Ongoing Projects

Currently, our laboratory focuses on exploring the chemical versatility of catalytic RNAs (ribozymes). The ability of RNA to recognize small substrates and promote difficult chemistry is poorly understood but is required to provide a solid foundation for the RNA world hypothesis. Specifically, we have been examining the ability of RNA to replicate itself, without the help of protein. Previous work has focused on this problem using in vitro selection (where ribozymes are isolated from large pools of random sequences by iterative rounds of selection and amplification). Dr. Unrau's important initial work involved selecting and evolving ribozymes able to form a nucleotide from a free pyrimidine base and a tethered form of activated ribose (PMID: 9751052). This ability to demonstrate RNA-mediated nucleotide synthesis provides strong support for the prior existence an RNA world (by suggesting a source of nucleotides for polymerization). These nucleotide monomers would have been the basic substrates for an RNA-templated RNA polymerase responsible for the replication of a primitive ribo-organism's genome. We continue to expand on this work in several key areas:

  • In vitro selection of ribozymes able to perform novel small molecule reactions. Examples include nucleotide synthesis, RNA polymerization and RNA capping. How might these ribozymes be engineered to work completely in trans and perform multiple turnover chemistry? We are actively exploring the chemical mechanism of these ribozymes.
  • Selection of ribozymes able to capture chemical energy. How could an ancient metabolism have been powered? One possibility, exploited by modern metabolism, is the oxidation of aldehydes to capture energy in the form of acyl-phosphate compounds. Can a ribozyme sequence be isolated that performs similar chemistry? Finding such a ribozyme would demonstrate that RNA-based life could have harvested both reducing power and activated carbon for metabolism, using a realistic abiotic source.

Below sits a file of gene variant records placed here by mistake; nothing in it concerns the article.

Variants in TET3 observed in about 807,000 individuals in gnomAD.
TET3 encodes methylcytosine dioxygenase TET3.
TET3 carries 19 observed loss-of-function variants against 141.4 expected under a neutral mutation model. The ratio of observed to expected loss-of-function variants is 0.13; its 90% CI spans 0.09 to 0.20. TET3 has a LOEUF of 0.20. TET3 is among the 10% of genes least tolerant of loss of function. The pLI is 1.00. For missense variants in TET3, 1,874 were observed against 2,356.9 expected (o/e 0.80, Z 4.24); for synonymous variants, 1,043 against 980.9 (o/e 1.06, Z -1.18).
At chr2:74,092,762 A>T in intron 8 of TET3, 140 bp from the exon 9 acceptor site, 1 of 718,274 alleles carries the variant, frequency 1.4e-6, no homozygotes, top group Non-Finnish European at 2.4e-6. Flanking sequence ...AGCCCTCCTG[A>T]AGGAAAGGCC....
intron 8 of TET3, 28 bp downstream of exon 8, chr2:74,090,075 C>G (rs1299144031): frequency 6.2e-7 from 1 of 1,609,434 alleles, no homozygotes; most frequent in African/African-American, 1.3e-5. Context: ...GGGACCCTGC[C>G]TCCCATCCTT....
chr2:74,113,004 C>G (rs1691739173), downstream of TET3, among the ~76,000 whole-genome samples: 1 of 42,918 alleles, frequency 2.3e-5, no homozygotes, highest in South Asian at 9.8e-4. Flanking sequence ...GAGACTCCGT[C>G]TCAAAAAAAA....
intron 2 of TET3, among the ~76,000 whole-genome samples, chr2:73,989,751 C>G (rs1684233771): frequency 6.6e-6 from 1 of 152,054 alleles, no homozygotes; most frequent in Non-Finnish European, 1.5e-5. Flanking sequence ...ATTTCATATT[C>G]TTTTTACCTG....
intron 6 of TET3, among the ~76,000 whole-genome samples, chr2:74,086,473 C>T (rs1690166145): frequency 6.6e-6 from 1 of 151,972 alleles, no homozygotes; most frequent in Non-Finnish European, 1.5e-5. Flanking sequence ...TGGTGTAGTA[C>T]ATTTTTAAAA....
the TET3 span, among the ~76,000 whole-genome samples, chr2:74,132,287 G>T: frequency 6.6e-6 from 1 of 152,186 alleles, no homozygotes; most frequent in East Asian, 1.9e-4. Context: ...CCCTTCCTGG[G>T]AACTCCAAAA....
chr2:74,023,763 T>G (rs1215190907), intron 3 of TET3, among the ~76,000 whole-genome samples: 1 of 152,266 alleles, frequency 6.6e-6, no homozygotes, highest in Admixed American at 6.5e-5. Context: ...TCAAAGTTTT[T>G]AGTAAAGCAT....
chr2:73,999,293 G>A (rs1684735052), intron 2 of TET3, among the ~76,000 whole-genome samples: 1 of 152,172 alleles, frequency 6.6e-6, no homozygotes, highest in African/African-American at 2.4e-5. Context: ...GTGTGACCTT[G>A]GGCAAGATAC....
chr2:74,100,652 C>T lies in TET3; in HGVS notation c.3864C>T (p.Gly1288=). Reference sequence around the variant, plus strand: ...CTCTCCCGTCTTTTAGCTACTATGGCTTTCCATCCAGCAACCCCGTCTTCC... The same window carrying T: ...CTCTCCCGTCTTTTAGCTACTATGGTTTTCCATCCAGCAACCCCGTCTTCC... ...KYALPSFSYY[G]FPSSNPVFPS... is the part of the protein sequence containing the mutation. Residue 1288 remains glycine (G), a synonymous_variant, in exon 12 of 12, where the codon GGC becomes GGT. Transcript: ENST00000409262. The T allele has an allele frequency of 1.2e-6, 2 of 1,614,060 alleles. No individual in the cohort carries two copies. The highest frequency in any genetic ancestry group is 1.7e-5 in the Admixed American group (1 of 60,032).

• Development of new in vitro selection technologies. How can current in vitro selection methods be improved? A successful in vitro selection must isolate catalytic sequences from a huge background of inactive sequences. In practice, a substrate for the ribozyme reaction is tethered to the 3' or 5' end of the RNA pool molecules. Active sequences able to react with a second tagged substrate can be purified away from the inactive molecules in the pool and enriched. This approach has two drawbacks. First, tethering one of the substrates to the ribozyme makes it difficult to engineer true multiple turnover catalysts. Second, requiring the active site of the ribozyme to form at either the 3' or 5' end of the nucleic acid sequence places a heavy combinatorial constraint on the number of active sequences available in a random sequence pool. We are using a new encapsulated methodology to select for ribozymes completely in trans.
  • RNA in biology. We are generally interested in the regulatory role of RNA in biological systems and are interested in bacterial and eukaryotic systems of regulation. We are currently interested in bacterial regulatory RNAs such as the 6S RNA and eukaryotic small RNAs.